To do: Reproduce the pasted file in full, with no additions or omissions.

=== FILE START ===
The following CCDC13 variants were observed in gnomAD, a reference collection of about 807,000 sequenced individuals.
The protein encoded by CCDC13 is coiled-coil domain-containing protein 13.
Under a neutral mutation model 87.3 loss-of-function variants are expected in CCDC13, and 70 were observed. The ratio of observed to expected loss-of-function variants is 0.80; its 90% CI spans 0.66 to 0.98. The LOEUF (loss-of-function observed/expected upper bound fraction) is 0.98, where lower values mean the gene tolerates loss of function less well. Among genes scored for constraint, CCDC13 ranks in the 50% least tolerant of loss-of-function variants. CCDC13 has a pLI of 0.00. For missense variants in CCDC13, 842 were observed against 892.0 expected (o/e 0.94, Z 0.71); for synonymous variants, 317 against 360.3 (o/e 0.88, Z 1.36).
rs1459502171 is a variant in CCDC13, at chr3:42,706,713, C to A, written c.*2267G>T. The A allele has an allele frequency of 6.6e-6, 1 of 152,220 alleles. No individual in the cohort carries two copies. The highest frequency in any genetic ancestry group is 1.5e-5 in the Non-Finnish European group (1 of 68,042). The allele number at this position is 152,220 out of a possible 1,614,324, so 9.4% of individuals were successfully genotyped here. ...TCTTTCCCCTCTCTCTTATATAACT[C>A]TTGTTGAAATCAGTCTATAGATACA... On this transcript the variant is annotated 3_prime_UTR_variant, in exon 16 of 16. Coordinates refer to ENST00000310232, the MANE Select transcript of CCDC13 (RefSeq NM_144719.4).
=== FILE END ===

The following CCDC13 variants were observed in gnomAD, a reference collection of about 807,000 sequenced individuals.
The protein encoded by CCDC13 is coiled-coil domain-containing protein 13.
Under a neutral mutation model 87.3 loss-of-function variants are expected in CCDC13, and 70 were observed. The ratio of observed to expected loss-of-function variants is 0.80; its 90% CI spans 0.66 to 0.98. The LOEUF (loss-of-function observed/expected upper bound fraction) is 0.98, where lower values mean the gene tolerates loss of function less well. Among genes scored for constraint, CCDC13 ranks in the 50% least tolerant of loss-of-function variants. CCDC13 has a pLI of 0.00. For missense variants in CCDC13, 842 were observed against 892.0 expected (o/e 0.94, Z 0.71); for synonymous variants, 317 against 360.3 (o/e 0.88, Z 1.36).
rs1459502171 is a variant in CCDC13, at chr3:42,706,713, C to A, written c.*2267G>T. The A allele has an allele frequency of 6.6e-6, 1 of 152,220 alleles. No individual in the cohort carries two copies. The highest frequency in any genetic ancestry group is 1.5e-5 in the Non-Finnish European group (1 of 68,042). The allele number at this position is 152,220 out of a possible 1,614,324, so 9.4% of individuals were successfully genotyped here. ...TCTTTCCCCTCTCTCTTATATAACT[C>A]TTGTTGAAATCAGTCTATAGATACA... On this transcript the variant is annotated 3_prime_UTR_variant, in exon 16 of 16. Coordinates refer to ENST00000310232, the MANE Select transcript of CCDC13 (RefSeq NM_144719.4).